Gary Shen

A banking career was not what Gary envisioned when he pursued a management degree from the University of London. He was more interested in human resources or administration. But life has other plans for him. Gary rose through the ranks steadily in the banking sector armed with solid industry experience, a steadfast attitude and strong networking skills. He is currently the Deputy Head of Corporate Banking with ICBC and an advocate of wellness post-pandemic.

20 Oct 2022


3 mins

Please tell us about yourself and your career path after graduating.
I remembered I started working one week after my last examination paper in my final year, joining the Hong Leong Finance’s Management Associate Programme in 2007. In that role, I had the opportunity to undergo structured training and departmental rotations. The 12-month programme allowed me to be exposed to different departments and managers as well as received formal training in the fundamentals of banking and finance. After completion of the programme, I was offered a role as a Relationship Manager (RM) in a newly created SME Team. We built a customer portfolio from ground zero to 40 accounts specialising in Real Estate, F&B and Manufacturing.
In 2010, I decided to move from a financial institution to a reputable local bank for a highly stable career. I joined UOB as an Assistant Manager in the Commercial Banking. It was a RM role and I managed an assigned portfolio of close to 60 accounts, within the Medium Enterprise segments in the Real Estate, Healthcare and Commodities sectors. Throughout my career, I am fortunate to have great mentors who are willing to take a bet on me and provide meaningful opportunities for me to grow and develop. I believe the banking industry is an exciting field where, if I persevere and stay engaged, I can certainly fulfil my career aspirations. 
Can you tell us about your current job role?
I am currently working as a Deputy Head of Corporate Banking with Industrial and Commercial Bank of China. I am accountable to help manage a team of RMs and Assistant RMs. I grow and manage a portfolio of 15 accounts by offering banking solutions to multinational companies, sovereign funds, government-linked companies and local conglomerates. 
Is what you are doing currently something you envisioned doing back when you were taking your bachelor’s degree in SIM?
A career in banking is something that I did not envision. During my course of studies in SIM, many of my peers selected modules that are banking and finance related. At that time, my area of interest is more on how organisations function and how people interact. I wanted to work as a business administrator or in Human Resource Training and Development. Banking has never crossed my mind and that was why I chose more qualitative modules such as Organisation Theory where research was deemed “a bit boring”.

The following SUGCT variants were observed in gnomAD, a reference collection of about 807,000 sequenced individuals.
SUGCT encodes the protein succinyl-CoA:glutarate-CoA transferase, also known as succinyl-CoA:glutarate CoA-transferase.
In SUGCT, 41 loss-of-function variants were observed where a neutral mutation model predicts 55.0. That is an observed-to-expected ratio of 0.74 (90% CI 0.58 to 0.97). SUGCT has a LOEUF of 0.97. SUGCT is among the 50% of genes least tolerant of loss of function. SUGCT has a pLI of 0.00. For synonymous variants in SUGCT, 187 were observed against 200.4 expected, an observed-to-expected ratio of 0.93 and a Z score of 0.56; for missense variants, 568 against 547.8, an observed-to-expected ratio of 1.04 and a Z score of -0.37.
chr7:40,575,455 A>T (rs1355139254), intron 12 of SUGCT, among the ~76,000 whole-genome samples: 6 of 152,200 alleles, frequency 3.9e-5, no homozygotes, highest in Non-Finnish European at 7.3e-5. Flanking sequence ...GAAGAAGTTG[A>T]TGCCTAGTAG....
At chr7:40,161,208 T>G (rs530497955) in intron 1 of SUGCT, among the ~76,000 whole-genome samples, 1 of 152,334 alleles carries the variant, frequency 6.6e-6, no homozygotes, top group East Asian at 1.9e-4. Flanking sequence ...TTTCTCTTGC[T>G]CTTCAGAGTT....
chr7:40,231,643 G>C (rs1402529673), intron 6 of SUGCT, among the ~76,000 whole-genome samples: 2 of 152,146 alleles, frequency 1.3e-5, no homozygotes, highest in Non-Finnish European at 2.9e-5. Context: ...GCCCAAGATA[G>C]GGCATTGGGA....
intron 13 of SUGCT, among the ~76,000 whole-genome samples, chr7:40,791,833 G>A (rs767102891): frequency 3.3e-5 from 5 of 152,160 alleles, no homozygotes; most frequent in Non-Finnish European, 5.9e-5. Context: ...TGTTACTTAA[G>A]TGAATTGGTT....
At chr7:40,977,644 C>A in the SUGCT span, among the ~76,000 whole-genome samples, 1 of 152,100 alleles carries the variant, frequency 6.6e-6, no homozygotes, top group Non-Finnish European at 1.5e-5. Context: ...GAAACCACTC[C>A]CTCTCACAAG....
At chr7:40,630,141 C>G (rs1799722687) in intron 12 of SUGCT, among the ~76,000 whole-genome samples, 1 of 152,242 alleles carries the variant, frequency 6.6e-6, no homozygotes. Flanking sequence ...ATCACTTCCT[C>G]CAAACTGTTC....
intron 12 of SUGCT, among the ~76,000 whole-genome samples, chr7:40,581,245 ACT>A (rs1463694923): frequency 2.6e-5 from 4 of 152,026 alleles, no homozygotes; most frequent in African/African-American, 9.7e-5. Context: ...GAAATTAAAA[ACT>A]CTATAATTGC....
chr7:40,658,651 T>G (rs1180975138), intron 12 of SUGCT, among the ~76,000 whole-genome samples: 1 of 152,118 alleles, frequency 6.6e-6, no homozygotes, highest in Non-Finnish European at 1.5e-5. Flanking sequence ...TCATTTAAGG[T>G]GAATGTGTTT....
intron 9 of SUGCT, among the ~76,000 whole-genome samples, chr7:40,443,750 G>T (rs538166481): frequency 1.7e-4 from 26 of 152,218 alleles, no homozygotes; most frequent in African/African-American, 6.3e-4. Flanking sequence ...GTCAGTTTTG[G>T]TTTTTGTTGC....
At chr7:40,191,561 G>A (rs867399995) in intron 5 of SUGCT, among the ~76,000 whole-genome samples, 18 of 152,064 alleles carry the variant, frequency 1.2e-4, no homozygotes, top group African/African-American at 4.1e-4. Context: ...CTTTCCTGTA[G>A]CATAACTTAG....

What was the main challenge you faced climbing up the career ladder?
Corporate ladders are like pyramids. It will get narrower as you climb higher. There will be lesser opportunities for you to climb higher. In many ways, this has to happen, as you cannot promote everyone all the time. When you have an upside down pyramid, you have a large proliferation of middle management layer that eventually slow down the organisation.
Personally, I strive to do my best in whatever tasks I am assigned and be productive. Besides working on tasks, I aim to be a good team player and work on my relationship with my colleagues. Lastly, networking is important as the more people you know, the more opportunities you will encounter. 
Can you provide us with 1 to 2 examples where you had to overcome challenges?
The COVID-19 pandemic has brought significant changes to the workplace around the world. Due to the implementation of Safe Management Measures, my department was split into two teams and both operated at different floors of our office building. I was assigned to manage a team while my boss took care of another team. When Singapore announced the circuit breaker in April 2020, financial services remain as one of the essential services. I still need to go to office for a few days a week to manage the team and daily operations for our customers. As the childcare centre was closed during that period, my parents and my parents-in-law who would usually take care of my young children during the pre-COVID times were unable to come to my house.  It was a challenging time for both my wife and me, as we would need to manage both work and family. The continued COVID-19 outbreaks and the uncertainty of lockdowns took a relatively heavy mental and emotional toll. There was a period of time when my mental health was affected. Luckily, I managed to overcome it and build my own resilience. The pandemic has led to greater awareness of mental health issues. A focus to improve wellness will be important if we want to emerge from this pandemic stronger.

Posted online 20 Oct 2022.

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